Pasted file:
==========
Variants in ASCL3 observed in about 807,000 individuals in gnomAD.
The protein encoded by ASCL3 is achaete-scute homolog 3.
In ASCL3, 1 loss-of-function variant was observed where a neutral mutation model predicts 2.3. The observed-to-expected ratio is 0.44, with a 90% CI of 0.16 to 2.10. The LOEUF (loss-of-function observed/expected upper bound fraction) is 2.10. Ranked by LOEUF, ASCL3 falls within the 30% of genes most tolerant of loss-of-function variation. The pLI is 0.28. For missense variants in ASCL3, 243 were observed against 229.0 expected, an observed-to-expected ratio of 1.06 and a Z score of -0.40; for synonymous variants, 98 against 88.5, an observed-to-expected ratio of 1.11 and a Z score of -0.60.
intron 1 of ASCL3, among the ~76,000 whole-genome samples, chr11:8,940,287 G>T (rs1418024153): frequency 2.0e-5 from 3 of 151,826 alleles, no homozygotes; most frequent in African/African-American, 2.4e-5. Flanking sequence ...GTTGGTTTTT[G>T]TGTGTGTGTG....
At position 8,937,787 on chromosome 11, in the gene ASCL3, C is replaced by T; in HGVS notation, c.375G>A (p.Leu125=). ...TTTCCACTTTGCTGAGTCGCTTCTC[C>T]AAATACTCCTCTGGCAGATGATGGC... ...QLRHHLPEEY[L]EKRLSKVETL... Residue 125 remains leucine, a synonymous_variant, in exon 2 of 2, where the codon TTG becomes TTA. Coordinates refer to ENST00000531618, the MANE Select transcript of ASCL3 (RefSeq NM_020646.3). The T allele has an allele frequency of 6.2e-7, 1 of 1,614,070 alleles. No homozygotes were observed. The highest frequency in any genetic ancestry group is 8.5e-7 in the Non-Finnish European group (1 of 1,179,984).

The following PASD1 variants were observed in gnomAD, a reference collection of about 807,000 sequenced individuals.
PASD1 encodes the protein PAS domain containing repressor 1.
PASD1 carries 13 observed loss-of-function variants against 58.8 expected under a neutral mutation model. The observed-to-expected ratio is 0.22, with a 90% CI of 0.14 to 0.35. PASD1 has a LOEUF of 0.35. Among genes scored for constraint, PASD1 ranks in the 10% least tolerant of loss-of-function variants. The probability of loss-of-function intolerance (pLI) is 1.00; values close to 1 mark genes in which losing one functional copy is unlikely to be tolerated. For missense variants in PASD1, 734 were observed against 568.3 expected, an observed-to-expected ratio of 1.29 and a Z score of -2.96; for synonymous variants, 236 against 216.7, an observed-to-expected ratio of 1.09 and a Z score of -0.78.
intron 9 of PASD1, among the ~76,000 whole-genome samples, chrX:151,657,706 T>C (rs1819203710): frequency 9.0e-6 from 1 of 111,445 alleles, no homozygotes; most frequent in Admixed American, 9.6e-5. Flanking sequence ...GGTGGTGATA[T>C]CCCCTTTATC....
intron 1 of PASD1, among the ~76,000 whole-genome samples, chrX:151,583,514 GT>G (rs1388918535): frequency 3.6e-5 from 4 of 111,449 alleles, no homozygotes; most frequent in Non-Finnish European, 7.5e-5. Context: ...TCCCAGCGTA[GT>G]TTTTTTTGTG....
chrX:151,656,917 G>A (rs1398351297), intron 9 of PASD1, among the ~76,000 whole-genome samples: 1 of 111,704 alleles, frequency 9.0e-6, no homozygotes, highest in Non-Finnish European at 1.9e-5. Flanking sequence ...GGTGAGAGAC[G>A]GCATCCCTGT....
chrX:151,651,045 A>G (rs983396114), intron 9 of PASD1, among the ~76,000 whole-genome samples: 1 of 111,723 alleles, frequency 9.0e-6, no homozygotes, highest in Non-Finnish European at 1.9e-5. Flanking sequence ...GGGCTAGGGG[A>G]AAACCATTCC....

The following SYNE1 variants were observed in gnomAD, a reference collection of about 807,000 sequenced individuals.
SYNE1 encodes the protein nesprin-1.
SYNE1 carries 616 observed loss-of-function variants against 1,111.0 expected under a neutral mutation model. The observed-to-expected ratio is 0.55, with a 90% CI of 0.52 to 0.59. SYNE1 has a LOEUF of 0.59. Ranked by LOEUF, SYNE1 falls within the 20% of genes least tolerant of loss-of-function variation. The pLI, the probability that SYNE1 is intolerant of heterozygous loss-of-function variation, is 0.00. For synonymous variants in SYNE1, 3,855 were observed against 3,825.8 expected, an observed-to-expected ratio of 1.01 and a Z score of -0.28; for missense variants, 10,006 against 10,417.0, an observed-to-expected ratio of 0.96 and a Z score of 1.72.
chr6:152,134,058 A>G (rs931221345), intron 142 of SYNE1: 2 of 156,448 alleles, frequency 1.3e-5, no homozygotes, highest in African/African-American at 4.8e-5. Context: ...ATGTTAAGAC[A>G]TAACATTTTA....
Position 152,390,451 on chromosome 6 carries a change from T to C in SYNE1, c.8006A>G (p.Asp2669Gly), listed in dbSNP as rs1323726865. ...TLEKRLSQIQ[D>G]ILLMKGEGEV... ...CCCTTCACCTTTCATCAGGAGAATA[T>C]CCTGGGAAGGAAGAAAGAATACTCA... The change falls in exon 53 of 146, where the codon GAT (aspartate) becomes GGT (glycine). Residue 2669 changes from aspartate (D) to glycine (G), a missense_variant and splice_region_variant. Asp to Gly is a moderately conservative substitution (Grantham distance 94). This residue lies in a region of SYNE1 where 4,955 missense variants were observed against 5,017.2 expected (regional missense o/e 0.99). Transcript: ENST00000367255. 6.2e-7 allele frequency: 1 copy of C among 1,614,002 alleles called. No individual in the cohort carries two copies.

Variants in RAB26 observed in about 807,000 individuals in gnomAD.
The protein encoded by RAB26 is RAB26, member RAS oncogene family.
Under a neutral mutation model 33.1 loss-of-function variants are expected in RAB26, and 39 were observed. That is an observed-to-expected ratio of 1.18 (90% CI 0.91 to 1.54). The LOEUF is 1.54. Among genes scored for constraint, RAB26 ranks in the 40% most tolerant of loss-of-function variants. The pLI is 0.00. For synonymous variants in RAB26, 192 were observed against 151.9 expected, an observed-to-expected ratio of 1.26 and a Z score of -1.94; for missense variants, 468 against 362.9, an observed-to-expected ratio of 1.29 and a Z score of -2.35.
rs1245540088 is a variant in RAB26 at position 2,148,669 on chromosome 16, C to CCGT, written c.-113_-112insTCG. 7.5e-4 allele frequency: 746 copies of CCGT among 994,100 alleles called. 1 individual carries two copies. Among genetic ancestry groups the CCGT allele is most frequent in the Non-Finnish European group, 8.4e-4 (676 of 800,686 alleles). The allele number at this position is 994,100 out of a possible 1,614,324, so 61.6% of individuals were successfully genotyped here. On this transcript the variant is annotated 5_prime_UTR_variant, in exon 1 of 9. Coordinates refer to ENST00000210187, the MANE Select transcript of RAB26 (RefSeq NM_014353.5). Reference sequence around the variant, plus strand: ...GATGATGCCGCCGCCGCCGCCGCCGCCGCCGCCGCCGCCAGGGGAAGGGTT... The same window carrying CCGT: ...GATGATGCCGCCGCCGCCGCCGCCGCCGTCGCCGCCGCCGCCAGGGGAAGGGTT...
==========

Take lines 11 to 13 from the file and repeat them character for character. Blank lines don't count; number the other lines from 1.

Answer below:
chrX:151,656,917 G>A (rs1398351297), intron 9 of PASD1, among the ~76,000 whole-genome samples: 1 of 111,704 alleles, frequency 9.0e-6, no homozygotes, highest in Non-Finnish European at 1.9e-5. Flanking sequence ...GGTGAGAGAC[G>A]GCATCCCTGT....
chrX:151,651,045 A>G (rs983396114), intron 9 of PASD1, among the ~76,000 whole-genome samples: 1 of 111,723 alleles, frequency 9.0e-6, no homozygotes, highest in Non-Finnish European at 1.9e-5. Flanking sequence ...GGGCTAGGGG[A>G]AAACCATTCC....

The following SYNE1 variants were observed in gnomAD, a reference collection of about 807,000 sequenced individuals.